Winning Poems for September 2020

Judged by Ron Singer

First Place


by Elizabeth Koopman
Wild Poetry Forum

This old, small saucepan
comes to my hand
every morning, to boil my egg.

So, this morning, after I heard
that you have tried to die, again,
here it is,
copper bottom rough with use
smooth inner walls,
And the earth settles
under my feet.

This matter-of-fact, very short poem (46 words) pithily hints at a full, dramatic story: someone is dying, perhaps at their own hand (“tried to die, again”). But habit dies hard, and the narrator finds the pot in which she always boils her morning egg. And that dear, mundane object (“copper bottom rough with use/smooth inner walls/friendly”) somehow makes the world right for him/her. “Love” is a very original poem. Its compression creates a powerful effect. --Ron Singer

Second Place

Church of the Wheelchair Ladies

by Mary MacGowan
The Waters

The sun always came in at a certain time
through a window near the nurse’s station.
The wheelchair ladies would slowly
make their way. If you asked them
where they were going, they couldn’t say.
But they got there, and napped
in the sun, their heads hanging
down tragically, fine dust motes
floating around them. It looked bad
to visitors, though, so we were
to move them. How about I take you
to your room for a nap? They’d answer,
Oh no, thank you dear, it’s so nice here,
in the sun. We’d wheel them to their rooms
anyway, and then, before we knew it,
they were back, their petite slippered feet
splayed like murder victims, or saints.

This poem casts a penumbra around its mundane subject, women at an old-age home who enjoy sitting in the sun. The matter-of-fact tone keeps the poem from being sentimental, a hazard of poems about old people. The lines are fairly even in length, and the poet uses internal rhyme at a few key junctures “make their way…they couldn’t say” and “thank you dear, it’s so nice here. Both the imagery and sound pattern of the closing one-and-a-half lines are startling and beautiful “Their petite slippered feet/splayed like murder victims, or saints”). --Ron Singer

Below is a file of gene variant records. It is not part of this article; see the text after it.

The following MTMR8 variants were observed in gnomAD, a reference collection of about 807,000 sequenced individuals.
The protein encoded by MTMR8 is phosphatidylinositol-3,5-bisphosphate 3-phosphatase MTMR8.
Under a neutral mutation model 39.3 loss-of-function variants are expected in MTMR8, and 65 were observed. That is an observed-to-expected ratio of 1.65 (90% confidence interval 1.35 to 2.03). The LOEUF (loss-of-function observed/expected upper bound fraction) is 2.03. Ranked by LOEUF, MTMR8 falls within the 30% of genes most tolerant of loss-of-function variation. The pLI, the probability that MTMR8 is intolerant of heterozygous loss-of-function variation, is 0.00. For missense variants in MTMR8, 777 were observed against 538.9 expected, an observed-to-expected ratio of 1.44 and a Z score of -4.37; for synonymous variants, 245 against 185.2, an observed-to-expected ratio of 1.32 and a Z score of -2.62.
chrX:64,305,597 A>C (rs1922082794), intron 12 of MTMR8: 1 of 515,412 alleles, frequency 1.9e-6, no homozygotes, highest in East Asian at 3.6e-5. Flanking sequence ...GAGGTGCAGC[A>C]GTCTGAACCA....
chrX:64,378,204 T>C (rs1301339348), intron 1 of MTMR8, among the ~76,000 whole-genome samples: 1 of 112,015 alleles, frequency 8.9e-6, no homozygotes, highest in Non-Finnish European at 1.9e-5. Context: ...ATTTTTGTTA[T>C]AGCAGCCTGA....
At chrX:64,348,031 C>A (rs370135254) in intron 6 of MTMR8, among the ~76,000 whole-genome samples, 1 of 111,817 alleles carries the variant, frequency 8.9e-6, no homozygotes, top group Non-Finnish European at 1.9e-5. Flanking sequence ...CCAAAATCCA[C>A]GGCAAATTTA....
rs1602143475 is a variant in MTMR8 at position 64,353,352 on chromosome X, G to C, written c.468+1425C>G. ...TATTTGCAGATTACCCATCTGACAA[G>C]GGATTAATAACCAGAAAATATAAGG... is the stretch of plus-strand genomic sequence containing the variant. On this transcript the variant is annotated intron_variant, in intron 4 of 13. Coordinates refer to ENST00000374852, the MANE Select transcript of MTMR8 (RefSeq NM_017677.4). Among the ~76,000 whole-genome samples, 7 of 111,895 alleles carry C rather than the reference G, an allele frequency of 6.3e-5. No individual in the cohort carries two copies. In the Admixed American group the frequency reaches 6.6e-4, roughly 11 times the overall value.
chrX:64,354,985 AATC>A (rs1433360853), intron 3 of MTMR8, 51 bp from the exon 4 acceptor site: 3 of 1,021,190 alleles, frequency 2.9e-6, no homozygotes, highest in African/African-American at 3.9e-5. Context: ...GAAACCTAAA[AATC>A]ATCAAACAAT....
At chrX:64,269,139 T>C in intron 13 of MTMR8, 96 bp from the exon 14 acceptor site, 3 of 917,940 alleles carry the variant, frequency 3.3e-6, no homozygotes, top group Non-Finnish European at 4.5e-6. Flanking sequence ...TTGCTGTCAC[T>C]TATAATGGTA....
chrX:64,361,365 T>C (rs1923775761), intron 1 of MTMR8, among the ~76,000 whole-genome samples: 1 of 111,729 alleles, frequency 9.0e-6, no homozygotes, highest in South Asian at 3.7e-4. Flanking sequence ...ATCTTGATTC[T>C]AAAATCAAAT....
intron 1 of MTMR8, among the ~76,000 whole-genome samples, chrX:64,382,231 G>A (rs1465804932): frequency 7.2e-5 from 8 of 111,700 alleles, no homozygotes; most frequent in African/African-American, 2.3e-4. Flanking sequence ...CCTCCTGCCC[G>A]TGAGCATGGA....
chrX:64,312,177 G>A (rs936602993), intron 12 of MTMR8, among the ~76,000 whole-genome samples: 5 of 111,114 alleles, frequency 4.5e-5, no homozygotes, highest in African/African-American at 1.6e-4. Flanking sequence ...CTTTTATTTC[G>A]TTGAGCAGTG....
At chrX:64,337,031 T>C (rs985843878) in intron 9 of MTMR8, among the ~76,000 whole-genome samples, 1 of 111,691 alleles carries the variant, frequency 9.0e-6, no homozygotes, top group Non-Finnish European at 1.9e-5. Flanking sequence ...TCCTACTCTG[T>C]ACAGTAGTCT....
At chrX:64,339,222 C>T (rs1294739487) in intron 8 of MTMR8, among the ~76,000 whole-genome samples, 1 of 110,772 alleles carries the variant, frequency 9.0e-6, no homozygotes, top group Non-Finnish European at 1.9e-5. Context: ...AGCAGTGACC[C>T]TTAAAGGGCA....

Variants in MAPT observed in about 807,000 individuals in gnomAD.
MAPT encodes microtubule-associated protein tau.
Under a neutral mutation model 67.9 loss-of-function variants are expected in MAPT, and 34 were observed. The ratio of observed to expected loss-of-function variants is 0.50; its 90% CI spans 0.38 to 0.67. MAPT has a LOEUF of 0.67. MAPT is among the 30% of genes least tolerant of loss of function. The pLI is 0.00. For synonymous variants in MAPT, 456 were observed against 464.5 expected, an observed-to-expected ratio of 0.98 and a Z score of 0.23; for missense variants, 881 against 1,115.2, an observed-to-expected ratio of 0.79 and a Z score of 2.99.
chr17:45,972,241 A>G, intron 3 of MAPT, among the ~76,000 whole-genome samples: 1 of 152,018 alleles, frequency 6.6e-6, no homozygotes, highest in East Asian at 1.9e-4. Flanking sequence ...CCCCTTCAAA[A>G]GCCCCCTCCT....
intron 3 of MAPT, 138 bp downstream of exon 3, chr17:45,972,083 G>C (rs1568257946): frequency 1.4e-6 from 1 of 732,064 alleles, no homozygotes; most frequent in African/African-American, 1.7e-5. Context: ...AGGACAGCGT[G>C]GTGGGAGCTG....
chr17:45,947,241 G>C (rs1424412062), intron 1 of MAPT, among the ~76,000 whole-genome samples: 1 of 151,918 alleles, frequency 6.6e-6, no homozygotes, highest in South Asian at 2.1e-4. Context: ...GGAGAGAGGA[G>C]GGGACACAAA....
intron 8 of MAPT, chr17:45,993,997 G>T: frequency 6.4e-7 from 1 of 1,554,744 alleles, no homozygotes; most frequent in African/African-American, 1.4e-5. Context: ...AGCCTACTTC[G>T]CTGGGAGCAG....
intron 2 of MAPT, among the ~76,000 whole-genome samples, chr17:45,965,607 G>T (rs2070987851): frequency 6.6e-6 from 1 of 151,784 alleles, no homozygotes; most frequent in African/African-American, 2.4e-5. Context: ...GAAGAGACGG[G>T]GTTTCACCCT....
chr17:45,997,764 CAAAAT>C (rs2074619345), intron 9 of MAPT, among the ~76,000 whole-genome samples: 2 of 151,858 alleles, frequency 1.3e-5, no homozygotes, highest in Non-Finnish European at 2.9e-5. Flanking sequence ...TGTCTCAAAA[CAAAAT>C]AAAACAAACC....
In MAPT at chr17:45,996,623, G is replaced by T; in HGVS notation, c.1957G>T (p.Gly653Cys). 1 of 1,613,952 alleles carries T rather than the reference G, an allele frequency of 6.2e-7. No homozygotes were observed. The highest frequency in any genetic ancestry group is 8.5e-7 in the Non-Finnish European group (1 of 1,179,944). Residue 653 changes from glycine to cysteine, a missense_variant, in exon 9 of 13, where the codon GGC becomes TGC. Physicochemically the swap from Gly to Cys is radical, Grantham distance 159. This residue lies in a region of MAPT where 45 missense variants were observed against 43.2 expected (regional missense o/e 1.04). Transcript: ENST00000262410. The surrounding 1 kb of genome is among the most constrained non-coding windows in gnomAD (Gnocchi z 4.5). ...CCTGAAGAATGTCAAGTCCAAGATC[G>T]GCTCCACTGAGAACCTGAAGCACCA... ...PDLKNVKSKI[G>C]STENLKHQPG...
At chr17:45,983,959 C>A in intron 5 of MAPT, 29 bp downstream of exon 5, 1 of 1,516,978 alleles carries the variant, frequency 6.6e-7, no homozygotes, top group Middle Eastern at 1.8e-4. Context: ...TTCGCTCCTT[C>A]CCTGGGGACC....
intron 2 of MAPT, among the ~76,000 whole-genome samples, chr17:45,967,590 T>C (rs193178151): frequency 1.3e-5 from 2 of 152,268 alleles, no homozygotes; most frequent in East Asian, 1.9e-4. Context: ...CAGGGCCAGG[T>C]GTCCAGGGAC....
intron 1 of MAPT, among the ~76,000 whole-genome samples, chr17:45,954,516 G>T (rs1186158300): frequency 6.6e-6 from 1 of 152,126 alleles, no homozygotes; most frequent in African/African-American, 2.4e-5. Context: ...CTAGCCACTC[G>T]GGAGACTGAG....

Third Place

The Green Mirror

by Runatyr
Wild Poetry Forum

Miranda planted herself by the window
as a little light left her face—
more than one might expect
from a setting sun

and by Halloween she glowered
at the walls, more macabre than
the ghost hung over the doors
of the garage.

That winter brought with it
an unbearable pall, a cold cover,
a dearth of words from a girl
rooted at a sill,

wan face more enervated
than the final, feeble
wobbles of a crack-free egg.

One day in cruel April,
her mother invaded the sanctity
of her sepulchre, smiling like
a fool—

she brought Miranda a flaccid,
suffocating thing of drooping
green shoots and soft, wide
leaves, their sheen lost.

African violet, her mother
imparted. Nearly gone. Thought
she’d try the window in Miranda’s
room, she lied.

Miranda let it sit
but she stared at it for hours
and the more she stared, the more
she saw.

In the morning she Googled
“care for African violets,”
and by the end of the day,
she had named her plant Eva.

This poem skillfully navigates its way through its potentially maudlin subject, the possible redemption of a mentally ill girl. With just enough mystery about what is going on, the poem builds to its climax. In the last stanza, the redemption is kept from being saccharine by a reference to the Internet: “…she Googled/’care for African violets.’” In its vivid description of the flower as “a flaccid, suffocating thing,” which suggests the girl, “The Green Mirror” reminds me of Keats’ “Isabella, or The Pot of Basil.” --Ron Singer